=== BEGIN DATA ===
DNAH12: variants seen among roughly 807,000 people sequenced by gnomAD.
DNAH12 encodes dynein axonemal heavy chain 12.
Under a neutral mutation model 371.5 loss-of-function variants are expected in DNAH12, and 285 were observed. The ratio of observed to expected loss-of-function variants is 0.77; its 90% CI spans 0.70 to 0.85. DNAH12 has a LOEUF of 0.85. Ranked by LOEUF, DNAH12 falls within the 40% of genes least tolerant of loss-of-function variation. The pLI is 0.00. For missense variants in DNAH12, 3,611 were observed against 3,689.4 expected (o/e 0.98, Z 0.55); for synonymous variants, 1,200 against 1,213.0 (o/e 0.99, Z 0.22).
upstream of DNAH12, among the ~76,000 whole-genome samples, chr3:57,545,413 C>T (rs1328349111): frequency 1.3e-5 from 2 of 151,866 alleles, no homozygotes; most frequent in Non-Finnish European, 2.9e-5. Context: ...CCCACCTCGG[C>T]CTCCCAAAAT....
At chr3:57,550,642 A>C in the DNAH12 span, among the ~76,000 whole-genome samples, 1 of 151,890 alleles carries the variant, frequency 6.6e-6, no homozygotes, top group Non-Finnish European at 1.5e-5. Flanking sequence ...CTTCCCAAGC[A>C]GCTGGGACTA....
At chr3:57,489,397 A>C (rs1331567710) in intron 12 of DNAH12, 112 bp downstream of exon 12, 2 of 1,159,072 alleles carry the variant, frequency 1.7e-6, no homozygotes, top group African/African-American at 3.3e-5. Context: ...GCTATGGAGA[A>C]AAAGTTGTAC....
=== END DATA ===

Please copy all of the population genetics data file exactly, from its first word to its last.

DNAH12: variants seen among roughly 807,000 people sequenced by gnomAD.
DNAH12 encodes dynein axonemal heavy chain 12.
Under a neutral mutation model 371.5 loss-of-function variants are expected in DNAH12, and 285 were observed. The ratio of observed to expected loss-of-function variants is 0.77; its 90% CI spans 0.70 to 0.85. DNAH12 has a LOEUF of 0.85. Ranked by LOEUF, DNAH12 falls within the 40% of genes least tolerant of loss-of-function variation. The pLI is 0.00. For missense variants in DNAH12, 3,611 were observed against 3,689.4 expected (o/e 0.98, Z 0.55); for synonymous variants, 1,200 against 1,213.0 (o/e 0.99, Z 0.22).
upstream of DNAH12, among the ~76,000 whole-genome samples, chr3:57,545,413 C>T (rs1328349111): frequency 1.3e-5 from 2 of 151,866 alleles, no homozygotes; most frequent in Non-Finnish European, 2.9e-5. Context: ...CCCACCTCGG[C>T]CTCCCAAAAT....
At chr3:57,550,642 A>C in the DNAH12 span, among the ~76,000 whole-genome samples, 1 of 151,890 alleles carries the variant, frequency 6.6e-6, no homozygotes, top group Non-Finnish European at 1.5e-5. Flanking sequence ...CTTCCCAAGC[A>C]GCTGGGACTA....
At chr3:57,489,397 A>C (rs1331567710) in intron 12 of DNAH12, 112 bp downstream of exon 12, 2 of 1,159,072 alleles carry the variant, frequency 1.7e-6, no homozygotes, top group African/African-American at 3.3e-5. Context: ...GCTATGGAGA[A>C]AAAGTTGTAC....